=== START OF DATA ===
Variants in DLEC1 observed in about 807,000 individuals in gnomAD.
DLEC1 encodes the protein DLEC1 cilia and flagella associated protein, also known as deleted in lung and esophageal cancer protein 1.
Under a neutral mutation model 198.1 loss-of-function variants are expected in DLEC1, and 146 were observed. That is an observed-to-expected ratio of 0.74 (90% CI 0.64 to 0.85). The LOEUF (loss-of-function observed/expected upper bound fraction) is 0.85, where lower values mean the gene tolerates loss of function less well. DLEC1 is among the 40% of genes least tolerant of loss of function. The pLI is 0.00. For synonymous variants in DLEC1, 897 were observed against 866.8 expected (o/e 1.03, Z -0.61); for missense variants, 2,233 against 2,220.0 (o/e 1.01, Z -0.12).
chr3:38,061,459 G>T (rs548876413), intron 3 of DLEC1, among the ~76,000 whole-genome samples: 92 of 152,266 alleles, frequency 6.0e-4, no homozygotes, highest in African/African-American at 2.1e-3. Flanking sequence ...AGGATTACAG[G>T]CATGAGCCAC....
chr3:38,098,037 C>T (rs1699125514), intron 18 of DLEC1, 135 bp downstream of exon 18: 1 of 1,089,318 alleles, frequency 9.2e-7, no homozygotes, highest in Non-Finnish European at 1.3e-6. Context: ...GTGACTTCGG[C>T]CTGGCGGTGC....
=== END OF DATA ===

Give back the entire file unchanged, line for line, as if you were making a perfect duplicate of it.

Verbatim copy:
Variants in DLEC1 observed in about 807,000 individuals in gnomAD.
DLEC1 encodes the protein DLEC1 cilia and flagella associated protein, also known as deleted in lung and esophageal cancer protein 1.
Under a neutral mutation model 198.1 loss-of-function variants are expected in DLEC1, and 146 were observed. That is an observed-to-expected ratio of 0.74 (90% CI 0.64 to 0.85). The LOEUF (loss-of-function observed/expected upper bound fraction) is 0.85, where lower values mean the gene tolerates loss of function less well. DLEC1 is among the 40% of genes least tolerant of loss of function. The pLI is 0.00. For synonymous variants in DLEC1, 897 were observed against 866.8 expected (o/e 1.03, Z -0.61); for missense variants, 2,233 against 2,220.0 (o/e 1.01, Z -0.12).
chr3:38,061,459 G>T (rs548876413), intron 3 of DLEC1, among the ~76,000 whole-genome samples: 92 of 152,266 alleles, frequency 6.0e-4, no homozygotes, highest in African/African-American at 2.1e-3. Flanking sequence ...AGGATTACAG[G>T]CATGAGCCAC....
chr3:38,098,037 C>T (rs1699125514), intron 18 of DLEC1, 135 bp downstream of exon 18: 1 of 1,089,318 alleles, frequency 9.2e-7, no homozygotes, highest in Non-Finnish European at 1.3e-6. Context: ...GTGACTTCGG[C>T]CTGGCGGTGC....